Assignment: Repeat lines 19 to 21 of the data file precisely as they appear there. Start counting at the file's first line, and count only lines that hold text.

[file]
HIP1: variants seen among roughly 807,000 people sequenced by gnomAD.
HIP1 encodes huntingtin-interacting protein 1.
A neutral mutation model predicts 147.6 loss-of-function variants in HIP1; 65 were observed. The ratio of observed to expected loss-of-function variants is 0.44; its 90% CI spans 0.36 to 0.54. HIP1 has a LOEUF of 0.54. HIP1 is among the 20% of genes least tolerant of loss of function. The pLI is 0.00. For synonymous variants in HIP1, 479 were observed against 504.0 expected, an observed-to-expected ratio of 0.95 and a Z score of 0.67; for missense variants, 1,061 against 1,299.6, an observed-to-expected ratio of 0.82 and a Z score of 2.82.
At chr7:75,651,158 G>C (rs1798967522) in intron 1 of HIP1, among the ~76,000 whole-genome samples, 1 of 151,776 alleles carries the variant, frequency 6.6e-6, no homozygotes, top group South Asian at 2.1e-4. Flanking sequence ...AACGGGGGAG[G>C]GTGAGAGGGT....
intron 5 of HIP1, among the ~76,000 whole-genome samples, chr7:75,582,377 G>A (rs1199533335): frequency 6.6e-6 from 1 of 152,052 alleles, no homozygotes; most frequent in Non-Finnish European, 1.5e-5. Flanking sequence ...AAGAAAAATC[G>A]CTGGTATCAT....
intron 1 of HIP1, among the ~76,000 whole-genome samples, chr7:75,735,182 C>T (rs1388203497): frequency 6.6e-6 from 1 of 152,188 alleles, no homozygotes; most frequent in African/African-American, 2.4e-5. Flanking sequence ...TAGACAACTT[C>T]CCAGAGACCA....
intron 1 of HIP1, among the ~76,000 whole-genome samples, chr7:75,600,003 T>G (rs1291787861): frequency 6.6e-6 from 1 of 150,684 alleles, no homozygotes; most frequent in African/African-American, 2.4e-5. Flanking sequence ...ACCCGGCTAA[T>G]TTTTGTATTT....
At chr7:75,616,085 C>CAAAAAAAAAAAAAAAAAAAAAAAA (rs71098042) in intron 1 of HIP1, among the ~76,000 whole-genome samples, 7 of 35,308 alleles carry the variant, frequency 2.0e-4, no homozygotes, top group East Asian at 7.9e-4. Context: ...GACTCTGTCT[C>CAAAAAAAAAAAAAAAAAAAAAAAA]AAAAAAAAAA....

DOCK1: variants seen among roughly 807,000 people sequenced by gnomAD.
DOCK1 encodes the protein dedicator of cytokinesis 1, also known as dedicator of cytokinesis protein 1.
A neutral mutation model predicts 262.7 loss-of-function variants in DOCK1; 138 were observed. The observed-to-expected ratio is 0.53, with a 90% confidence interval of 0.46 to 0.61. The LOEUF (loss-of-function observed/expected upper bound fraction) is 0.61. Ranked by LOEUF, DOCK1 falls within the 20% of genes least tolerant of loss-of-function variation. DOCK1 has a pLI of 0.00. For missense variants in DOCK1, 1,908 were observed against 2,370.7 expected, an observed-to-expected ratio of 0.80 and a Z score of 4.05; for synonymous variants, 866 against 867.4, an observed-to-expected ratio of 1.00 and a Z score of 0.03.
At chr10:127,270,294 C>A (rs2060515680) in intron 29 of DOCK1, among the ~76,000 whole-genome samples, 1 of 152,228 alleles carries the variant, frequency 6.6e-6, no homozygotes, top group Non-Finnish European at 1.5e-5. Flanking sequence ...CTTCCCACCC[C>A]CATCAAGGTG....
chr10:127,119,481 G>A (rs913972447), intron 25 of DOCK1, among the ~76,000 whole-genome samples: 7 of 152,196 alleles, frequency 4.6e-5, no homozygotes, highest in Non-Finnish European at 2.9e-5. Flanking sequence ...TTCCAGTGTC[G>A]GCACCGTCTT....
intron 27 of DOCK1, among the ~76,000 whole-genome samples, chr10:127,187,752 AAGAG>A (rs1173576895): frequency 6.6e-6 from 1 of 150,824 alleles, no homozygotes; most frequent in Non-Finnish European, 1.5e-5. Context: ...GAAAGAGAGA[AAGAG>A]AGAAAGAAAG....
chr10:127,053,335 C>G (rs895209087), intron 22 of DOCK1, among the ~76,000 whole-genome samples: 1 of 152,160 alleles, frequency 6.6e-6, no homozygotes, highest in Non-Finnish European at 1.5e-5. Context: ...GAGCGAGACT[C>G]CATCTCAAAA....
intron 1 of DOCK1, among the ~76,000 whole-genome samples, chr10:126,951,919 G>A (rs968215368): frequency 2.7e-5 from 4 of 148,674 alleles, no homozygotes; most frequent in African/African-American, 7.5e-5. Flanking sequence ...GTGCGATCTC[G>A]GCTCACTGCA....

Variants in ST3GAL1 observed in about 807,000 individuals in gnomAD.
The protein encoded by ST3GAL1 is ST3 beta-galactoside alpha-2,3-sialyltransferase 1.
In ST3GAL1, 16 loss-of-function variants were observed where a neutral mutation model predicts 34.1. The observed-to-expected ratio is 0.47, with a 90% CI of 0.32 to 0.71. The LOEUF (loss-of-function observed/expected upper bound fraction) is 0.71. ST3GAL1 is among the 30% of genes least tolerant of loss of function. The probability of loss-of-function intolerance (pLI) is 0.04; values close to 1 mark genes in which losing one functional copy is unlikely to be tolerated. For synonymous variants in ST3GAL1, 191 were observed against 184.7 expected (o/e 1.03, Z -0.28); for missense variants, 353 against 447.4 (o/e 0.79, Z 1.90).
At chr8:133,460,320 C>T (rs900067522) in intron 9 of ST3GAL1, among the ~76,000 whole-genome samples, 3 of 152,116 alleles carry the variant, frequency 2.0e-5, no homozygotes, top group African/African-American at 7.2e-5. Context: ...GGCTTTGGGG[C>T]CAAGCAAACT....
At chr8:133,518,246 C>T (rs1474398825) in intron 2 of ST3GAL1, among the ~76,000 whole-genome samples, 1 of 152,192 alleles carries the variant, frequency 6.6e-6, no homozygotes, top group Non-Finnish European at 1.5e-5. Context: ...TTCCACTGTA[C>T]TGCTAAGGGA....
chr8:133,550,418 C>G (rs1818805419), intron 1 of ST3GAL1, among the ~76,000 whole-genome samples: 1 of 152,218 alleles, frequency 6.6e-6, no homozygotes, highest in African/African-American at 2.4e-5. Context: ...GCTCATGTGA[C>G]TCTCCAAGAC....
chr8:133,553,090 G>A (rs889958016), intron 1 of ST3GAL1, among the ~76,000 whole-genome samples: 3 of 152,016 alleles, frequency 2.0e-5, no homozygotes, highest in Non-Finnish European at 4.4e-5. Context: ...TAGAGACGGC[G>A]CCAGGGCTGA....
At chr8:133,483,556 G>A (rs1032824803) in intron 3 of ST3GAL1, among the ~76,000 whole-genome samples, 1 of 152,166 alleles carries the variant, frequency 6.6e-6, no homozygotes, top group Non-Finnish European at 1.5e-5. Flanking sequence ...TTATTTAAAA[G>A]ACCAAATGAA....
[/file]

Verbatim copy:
In ST3GAL1, 16 loss-of-function variants were observed where a neutral mutation model predicts 34.1. The observed-to-expected ratio is 0.47, with a 90% CI of 0.32 to 0.71. The LOEUF (loss-of-function observed/expected upper bound fraction) is 0.71. ST3GAL1 is among the 30% of genes least tolerant of loss of function. The probability of loss-of-function intolerance (pLI) is 0.04; values close to 1 mark genes in which losing one functional copy is unlikely to be tolerated. For synonymous variants in ST3GAL1, 191 were observed against 184.7 expected (o/e 1.03, Z -0.28); for missense variants, 353 against 447.4 (o/e 0.79, Z 1.90).
At chr8:133,460,320 C>T (rs900067522) in intron 9 of ST3GAL1, among the ~76,000 whole-genome samples, 3 of 152,116 alleles carry the variant, frequency 2.0e-5, no homozygotes, top group African/African-American at 7.2e-5. Context: ...GGCTTTGGGG[C>T]CAAGCAAACT....
At chr8:133,518,246 C>T (rs1474398825) in intron 2 of ST3GAL1, among the ~76,000 whole-genome samples, 1 of 152,192 alleles carries the variant, frequency 6.6e-6, no homozygotes, top group Non-Finnish European at 1.5e-5. Context: ...TTCCACTGTA[C>T]TGCTAAGGGA....